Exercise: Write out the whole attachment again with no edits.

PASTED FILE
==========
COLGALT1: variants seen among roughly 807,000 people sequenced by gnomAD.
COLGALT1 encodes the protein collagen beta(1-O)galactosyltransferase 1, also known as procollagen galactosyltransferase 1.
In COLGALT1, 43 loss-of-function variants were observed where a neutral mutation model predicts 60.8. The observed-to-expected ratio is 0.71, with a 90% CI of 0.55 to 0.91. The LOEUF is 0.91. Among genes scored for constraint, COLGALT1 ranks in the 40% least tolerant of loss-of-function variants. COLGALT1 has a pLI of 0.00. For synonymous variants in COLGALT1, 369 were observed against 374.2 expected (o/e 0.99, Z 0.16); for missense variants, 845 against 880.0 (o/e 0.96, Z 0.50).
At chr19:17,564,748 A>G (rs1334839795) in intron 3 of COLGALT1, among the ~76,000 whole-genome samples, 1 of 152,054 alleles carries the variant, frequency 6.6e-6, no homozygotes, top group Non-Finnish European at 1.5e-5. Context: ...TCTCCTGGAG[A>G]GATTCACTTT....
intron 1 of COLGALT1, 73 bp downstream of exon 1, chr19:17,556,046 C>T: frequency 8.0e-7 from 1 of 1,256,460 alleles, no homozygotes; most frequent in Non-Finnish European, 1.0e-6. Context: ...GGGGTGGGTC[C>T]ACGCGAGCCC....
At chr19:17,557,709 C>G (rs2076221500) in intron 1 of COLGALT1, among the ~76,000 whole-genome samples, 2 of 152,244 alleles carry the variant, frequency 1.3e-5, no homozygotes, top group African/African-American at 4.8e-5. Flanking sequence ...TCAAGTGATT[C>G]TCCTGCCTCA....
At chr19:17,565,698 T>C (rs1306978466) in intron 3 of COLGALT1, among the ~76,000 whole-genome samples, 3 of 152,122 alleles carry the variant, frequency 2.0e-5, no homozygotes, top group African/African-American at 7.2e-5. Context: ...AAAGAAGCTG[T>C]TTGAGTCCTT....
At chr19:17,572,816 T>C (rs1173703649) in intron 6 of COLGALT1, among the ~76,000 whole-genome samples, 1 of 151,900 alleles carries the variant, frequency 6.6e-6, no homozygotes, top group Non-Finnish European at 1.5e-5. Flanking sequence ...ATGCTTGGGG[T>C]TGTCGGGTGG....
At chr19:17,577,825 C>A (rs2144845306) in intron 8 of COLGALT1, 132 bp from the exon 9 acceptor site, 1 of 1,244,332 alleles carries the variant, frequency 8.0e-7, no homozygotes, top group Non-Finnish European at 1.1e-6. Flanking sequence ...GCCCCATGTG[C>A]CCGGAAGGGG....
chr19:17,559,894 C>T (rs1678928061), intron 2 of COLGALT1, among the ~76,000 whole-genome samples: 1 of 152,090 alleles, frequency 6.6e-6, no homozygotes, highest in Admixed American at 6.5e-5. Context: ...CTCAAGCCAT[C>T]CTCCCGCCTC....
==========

COLGALT1: variants seen among roughly 807,000 people sequenced by gnomAD.
COLGALT1 encodes the protein collagen beta(1-O)galactosyltransferase 1, also known as procollagen galactosyltransferase 1.
In COLGALT1, 43 loss-of-function variants were observed where a neutral mutation model predicts 60.8. The observed-to-expected ratio is 0.71, with a 90% CI of 0.55 to 0.91. The LOEUF is 0.91. Among genes scored for constraint, COLGALT1 ranks in the 40% least tolerant of loss-of-function variants. COLGALT1 has a pLI of 0.00. For synonymous variants in COLGALT1, 369 were observed against 374.2 expected (o/e 0.99, Z 0.16); for missense variants, 845 against 880.0 (o/e 0.96, Z 0.50).
At chr19:17,564,748 A>G (rs1334839795) in intron 3 of COLGALT1, among the ~76,000 whole-genome samples, 1 of 152,054 alleles carries the variant, frequency 6.6e-6, no homozygotes, top group Non-Finnish European at 1.5e-5. Context: ...TCTCCTGGAG[A>G]GATTCACTTT....
intron 1 of COLGALT1, 73 bp downstream of exon 1, chr19:17,556,046 C>T: frequency 8.0e-7 from 1 of 1,256,460 alleles, no homozygotes; most frequent in Non-Finnish European, 1.0e-6. Context: ...GGGGTGGGTC[C>T]ACGCGAGCCC....
At chr19:17,557,709 C>G (rs2076221500) in intron 1 of COLGALT1, among the ~76,000 whole-genome samples, 2 of 152,244 alleles carry the variant, frequency 1.3e-5, no homozygotes, top group African/African-American at 4.8e-5. Flanking sequence ...TCAAGTGATT[C>G]TCCTGCCTCA....
At chr19:17,565,698 T>C (rs1306978466) in intron 3 of COLGALT1, among the ~76,000 whole-genome samples, 3 of 152,122 alleles carry the variant, frequency 2.0e-5, no homozygotes, top group African/African-American at 7.2e-5. Context: ...AAAGAAGCTG[T>C]TTGAGTCCTT....
At chr19:17,572,816 T>C (rs1173703649) in intron 6 of COLGALT1, among the ~76,000 whole-genome samples, 1 of 151,900 alleles carries the variant, frequency 6.6e-6, no homozygotes, top group Non-Finnish European at 1.5e-5. Flanking sequence ...ATGCTTGGGG[T>C]TGTCGGGTGG....
At chr19:17,577,825 C>A (rs2144845306) in intron 8 of COLGALT1, 132 bp from the exon 9 acceptor site, 1 of 1,244,332 alleles carries the variant, frequency 8.0e-7, no homozygotes, top group Non-Finnish European at 1.1e-6. Flanking sequence ...GCCCCATGTG[C>A]CCGGAAGGGG....
chr19:17,559,894 C>T (rs1678928061), intron 2 of COLGALT1, among the ~76,000 whole-genome samples: 1 of 152,090 alleles, frequency 6.6e-6, no homozygotes, highest in Admixed American at 6.5e-5. Context: ...CTCAAGCCAT[C>T]CTCCCGCCTC....